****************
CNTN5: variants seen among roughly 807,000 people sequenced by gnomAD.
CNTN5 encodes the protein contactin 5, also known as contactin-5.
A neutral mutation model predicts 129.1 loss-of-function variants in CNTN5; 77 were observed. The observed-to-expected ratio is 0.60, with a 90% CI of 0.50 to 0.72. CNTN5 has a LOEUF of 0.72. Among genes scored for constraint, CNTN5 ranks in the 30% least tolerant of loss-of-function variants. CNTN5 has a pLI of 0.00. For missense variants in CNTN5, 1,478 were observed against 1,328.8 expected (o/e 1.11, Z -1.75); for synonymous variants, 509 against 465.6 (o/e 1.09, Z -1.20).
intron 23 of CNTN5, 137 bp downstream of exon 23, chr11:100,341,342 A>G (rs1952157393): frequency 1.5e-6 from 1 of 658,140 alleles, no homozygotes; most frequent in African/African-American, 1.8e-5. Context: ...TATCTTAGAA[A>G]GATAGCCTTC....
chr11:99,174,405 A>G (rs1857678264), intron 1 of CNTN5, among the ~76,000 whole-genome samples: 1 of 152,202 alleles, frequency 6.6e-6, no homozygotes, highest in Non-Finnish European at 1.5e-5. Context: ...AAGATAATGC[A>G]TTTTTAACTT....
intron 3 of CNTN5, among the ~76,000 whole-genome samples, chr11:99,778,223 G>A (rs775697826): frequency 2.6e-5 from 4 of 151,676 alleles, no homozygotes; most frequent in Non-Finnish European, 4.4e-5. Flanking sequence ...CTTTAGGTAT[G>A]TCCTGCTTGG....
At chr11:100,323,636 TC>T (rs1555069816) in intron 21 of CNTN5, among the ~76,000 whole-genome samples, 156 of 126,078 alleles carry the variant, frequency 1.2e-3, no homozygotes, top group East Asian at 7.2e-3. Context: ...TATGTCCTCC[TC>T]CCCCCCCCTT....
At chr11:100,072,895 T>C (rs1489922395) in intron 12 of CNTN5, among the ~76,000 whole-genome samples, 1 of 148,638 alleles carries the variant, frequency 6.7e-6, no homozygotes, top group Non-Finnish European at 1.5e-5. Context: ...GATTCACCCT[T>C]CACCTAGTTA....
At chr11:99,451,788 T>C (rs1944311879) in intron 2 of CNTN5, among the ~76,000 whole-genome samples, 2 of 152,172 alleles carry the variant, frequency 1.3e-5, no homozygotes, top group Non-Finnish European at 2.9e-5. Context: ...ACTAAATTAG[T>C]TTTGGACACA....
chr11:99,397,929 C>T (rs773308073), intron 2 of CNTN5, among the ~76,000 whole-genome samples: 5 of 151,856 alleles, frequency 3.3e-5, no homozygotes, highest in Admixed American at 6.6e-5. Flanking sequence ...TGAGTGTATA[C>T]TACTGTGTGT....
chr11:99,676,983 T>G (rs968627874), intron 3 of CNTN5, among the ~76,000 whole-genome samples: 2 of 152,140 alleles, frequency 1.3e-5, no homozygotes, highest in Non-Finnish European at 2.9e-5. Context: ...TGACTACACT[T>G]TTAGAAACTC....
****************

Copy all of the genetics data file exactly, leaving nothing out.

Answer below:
CNTN5: variants seen among roughly 807,000 people sequenced by gnomAD.
CNTN5 encodes the protein contactin 5, also known as contactin-5.
A neutral mutation model predicts 129.1 loss-of-function variants in CNTN5; 77 were observed. The observed-to-expected ratio is 0.60, with a 90% CI of 0.50 to 0.72. CNTN5 has a LOEUF of 0.72. Among genes scored for constraint, CNTN5 ranks in the 30% least tolerant of loss-of-function variants. CNTN5 has a pLI of 0.00. For missense variants in CNTN5, 1,478 were observed against 1,328.8 expected (o/e 1.11, Z -1.75); for synonymous variants, 509 against 465.6 (o/e 1.09, Z -1.20).
intron 23 of CNTN5, 137 bp downstream of exon 23, chr11:100,341,342 A>G (rs1952157393): frequency 1.5e-6 from 1 of 658,140 alleles, no homozygotes; most frequent in African/African-American, 1.8e-5. Context: ...TATCTTAGAA[A>G]GATAGCCTTC....
chr11:99,174,405 A>G (rs1857678264), intron 1 of CNTN5, among the ~76,000 whole-genome samples: 1 of 152,202 alleles, frequency 6.6e-6, no homozygotes, highest in Non-Finnish European at 1.5e-5. Context: ...AAGATAATGC[A>G]TTTTTAACTT....
intron 3 of CNTN5, among the ~76,000 whole-genome samples, chr11:99,778,223 G>A (rs775697826): frequency 2.6e-5 from 4 of 151,676 alleles, no homozygotes; most frequent in Non-Finnish European, 4.4e-5. Flanking sequence ...CTTTAGGTAT[G>A]TCCTGCTTGG....
At chr11:100,323,636 TC>T (rs1555069816) in intron 21 of CNTN5, among the ~76,000 whole-genome samples, 156 of 126,078 alleles carry the variant, frequency 1.2e-3, no homozygotes, top group East Asian at 7.2e-3. Context: ...TATGTCCTCC[TC>T]CCCCCCCCTT....
At chr11:100,072,895 T>C (rs1489922395) in intron 12 of CNTN5, among the ~76,000 whole-genome samples, 1 of 148,638 alleles carries the variant, frequency 6.7e-6, no homozygotes, top group Non-Finnish European at 1.5e-5. Context: ...GATTCACCCT[T>C]CACCTAGTTA....
At chr11:99,451,788 T>C (rs1944311879) in intron 2 of CNTN5, among the ~76,000 whole-genome samples, 2 of 152,172 alleles carry the variant, frequency 1.3e-5, no homozygotes, top group Non-Finnish European at 2.9e-5. Context: ...ACTAAATTAG[T>C]TTTGGACACA....
chr11:99,397,929 C>T (rs773308073), intron 2 of CNTN5, among the ~76,000 whole-genome samples: 5 of 151,856 alleles, frequency 3.3e-5, no homozygotes, highest in Admixed American at 6.6e-5. Flanking sequence ...TGAGTGTATA[C>T]TACTGTGTGT....
chr11:99,676,983 T>G (rs968627874), intron 3 of CNTN5, among the ~76,000 whole-genome samples: 2 of 152,140 alleles, frequency 1.3e-5, no homozygotes, highest in Non-Finnish European at 2.9e-5. Context: ...TGACTACACT[T>G]TTAGAAACTC....